I don’t want motherhood to be all there is to me.
Has this thought ever crossed your mind?
When I look in the mirror, I see a compassionate soul, a bubbly extrovert, a caring friend, a singer/actress who wishes she could dance, a bookworm, a Georgetown and Michigan grad, a passionate advocate, and so much more. Those closest to me see all (or at least most) of those things, too.
But I have this nagging fear that most people see me as “just a mom.”
Now, don’t get me wrong—even if I were “just a mom” (which literally no one is, but I digress), that would be a fabulous, glorious thing. Motherhood is a million jobs in one, a profound and fulfilling calling, and an incredible feat of which every single one of us should be deeply proud.
But I still want to be me—fully me. I want to be seen, to be known, to be valued for all of my passions and little quirks and unique skills.
It’s not that I want to throw motherhood under the bus because it doesn’t boost my resume. And I don’t feel like I’m somehow “overqualified” and not living out my potential. But I do think the way society devalues motherhood creeps into my thinking and makes me want to push back against the “mom” label.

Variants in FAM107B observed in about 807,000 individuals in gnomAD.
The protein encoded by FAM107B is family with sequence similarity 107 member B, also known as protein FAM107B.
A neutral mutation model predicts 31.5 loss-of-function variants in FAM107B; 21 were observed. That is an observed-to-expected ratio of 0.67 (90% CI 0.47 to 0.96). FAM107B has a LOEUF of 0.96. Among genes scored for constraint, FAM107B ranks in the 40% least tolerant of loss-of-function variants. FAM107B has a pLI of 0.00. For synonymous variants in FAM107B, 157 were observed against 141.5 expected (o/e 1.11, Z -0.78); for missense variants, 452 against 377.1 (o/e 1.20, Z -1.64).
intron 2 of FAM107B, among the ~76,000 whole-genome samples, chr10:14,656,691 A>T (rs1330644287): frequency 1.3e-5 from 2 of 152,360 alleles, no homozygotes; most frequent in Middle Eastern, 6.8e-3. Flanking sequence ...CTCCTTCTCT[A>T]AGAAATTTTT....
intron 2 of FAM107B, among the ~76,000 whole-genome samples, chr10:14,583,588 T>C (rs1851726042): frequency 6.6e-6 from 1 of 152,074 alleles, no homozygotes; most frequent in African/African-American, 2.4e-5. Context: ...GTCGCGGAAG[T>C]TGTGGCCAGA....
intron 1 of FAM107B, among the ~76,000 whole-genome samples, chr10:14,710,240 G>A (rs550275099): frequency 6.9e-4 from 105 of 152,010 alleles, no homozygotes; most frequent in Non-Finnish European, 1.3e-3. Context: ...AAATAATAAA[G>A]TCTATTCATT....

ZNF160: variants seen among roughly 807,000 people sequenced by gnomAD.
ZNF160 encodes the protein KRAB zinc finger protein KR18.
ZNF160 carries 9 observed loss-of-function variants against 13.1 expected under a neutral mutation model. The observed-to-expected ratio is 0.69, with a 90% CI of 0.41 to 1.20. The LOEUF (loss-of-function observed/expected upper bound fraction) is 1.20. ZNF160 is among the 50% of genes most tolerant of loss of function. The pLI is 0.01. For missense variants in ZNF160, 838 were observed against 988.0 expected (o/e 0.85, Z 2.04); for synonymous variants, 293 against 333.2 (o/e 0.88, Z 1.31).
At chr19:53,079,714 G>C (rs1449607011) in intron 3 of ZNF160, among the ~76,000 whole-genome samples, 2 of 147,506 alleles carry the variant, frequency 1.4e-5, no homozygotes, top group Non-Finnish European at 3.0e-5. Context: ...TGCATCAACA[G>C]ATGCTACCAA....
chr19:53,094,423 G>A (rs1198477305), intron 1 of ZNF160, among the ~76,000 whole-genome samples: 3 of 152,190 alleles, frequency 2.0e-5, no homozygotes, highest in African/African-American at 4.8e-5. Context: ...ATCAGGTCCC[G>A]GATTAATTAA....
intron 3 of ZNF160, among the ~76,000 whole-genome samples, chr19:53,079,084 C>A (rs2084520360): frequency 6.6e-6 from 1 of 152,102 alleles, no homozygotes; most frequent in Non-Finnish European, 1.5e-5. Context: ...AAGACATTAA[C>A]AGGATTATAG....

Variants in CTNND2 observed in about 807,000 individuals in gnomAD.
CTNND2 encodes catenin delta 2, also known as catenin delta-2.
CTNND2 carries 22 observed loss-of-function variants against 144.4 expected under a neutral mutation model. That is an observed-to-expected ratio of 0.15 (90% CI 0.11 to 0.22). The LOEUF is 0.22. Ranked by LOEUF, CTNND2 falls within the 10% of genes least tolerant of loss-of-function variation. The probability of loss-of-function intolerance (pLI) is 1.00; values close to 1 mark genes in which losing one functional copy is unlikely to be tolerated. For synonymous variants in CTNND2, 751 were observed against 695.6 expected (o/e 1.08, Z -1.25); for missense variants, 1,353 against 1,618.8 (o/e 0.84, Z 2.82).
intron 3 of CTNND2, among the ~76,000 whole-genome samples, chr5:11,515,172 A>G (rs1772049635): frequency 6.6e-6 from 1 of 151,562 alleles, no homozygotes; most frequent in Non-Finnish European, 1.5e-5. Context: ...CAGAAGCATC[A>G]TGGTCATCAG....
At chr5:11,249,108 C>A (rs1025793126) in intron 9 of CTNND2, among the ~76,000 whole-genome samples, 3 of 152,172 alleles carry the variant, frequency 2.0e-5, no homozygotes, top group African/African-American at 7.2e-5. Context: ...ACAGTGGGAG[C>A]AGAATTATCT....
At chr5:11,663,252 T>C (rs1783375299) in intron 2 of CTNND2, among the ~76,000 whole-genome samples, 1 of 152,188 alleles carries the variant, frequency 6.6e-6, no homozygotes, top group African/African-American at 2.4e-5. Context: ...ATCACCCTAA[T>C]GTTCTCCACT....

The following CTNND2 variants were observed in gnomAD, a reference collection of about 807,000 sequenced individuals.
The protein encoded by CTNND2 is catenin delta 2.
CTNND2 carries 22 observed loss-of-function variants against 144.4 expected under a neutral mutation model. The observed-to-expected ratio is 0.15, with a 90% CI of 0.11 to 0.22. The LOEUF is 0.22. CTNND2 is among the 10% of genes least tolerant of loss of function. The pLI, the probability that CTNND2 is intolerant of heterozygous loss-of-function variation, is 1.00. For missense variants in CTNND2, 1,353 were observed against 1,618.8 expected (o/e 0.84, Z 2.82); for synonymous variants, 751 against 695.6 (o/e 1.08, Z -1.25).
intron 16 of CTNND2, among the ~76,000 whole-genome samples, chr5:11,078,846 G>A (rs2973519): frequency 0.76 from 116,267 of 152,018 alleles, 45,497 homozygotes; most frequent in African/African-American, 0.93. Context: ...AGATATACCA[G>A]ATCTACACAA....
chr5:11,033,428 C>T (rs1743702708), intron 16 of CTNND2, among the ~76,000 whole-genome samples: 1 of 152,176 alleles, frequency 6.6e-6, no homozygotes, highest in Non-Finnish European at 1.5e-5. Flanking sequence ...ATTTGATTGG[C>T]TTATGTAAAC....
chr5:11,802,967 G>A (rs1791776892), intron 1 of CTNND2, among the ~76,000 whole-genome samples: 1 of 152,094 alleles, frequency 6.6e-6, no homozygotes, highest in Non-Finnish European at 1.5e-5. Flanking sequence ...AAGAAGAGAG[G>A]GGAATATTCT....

The longing to be fully known is universal. No one wants to be pigeonholed as “just so-and-so’s daughter” or “just that quiet girl” or even “just a doctor.” But being seen as “just a mom” adds an extra layer because it carries a particular connotation in our minds: one-dimensional; bland; lacking vibrancy, color, and nuance. And who wants to pour their whole heart and soul into a job that (we fear) others perceive in this way? This thought pattern leaves us feeling not only insecure, but demotivated.
This characterization of motherhood is a lie.
And it’s a dangerous one because when I fall into this mental trap, I’m giving others permission to define how I feel about myself.
Who cares if 99 percent of the world doesn’t know that I taught myself to cook and bake from scratch, or that I was high school valedictorian, or that I watched every Jim Carrey movie released between ‘94-’04? Does that somehow make me less interesting, less intelligent, less creative? How could it?
Yet I can easily hand that power to others and, in so doing, forget to water my own grass and cultivate what makes me me. When others’ perceptions infiltrate my own, I’m more likely to neglect the parts of me that make me feel unique, fun, and whole. As self-sabotaging as it is, I subconsciously resign myself to the attitude, “If they don’t care, why should I?”
To counter this narrative, I’ve learned it’s so important for us to never stop basking in and uncovering who we are as whole people.
Take some time to really examine, “Who am I at my core?” Motherhood changes every facet of our lives, but it doesn’t erase the beautiful complexity of who we were created to be. We’ll almost certainly grow new passions and discover new priorities, but everything that has brought us to this point is still with us. And the best parts of motherhood only serve to enhance and sharpen who we were “before.”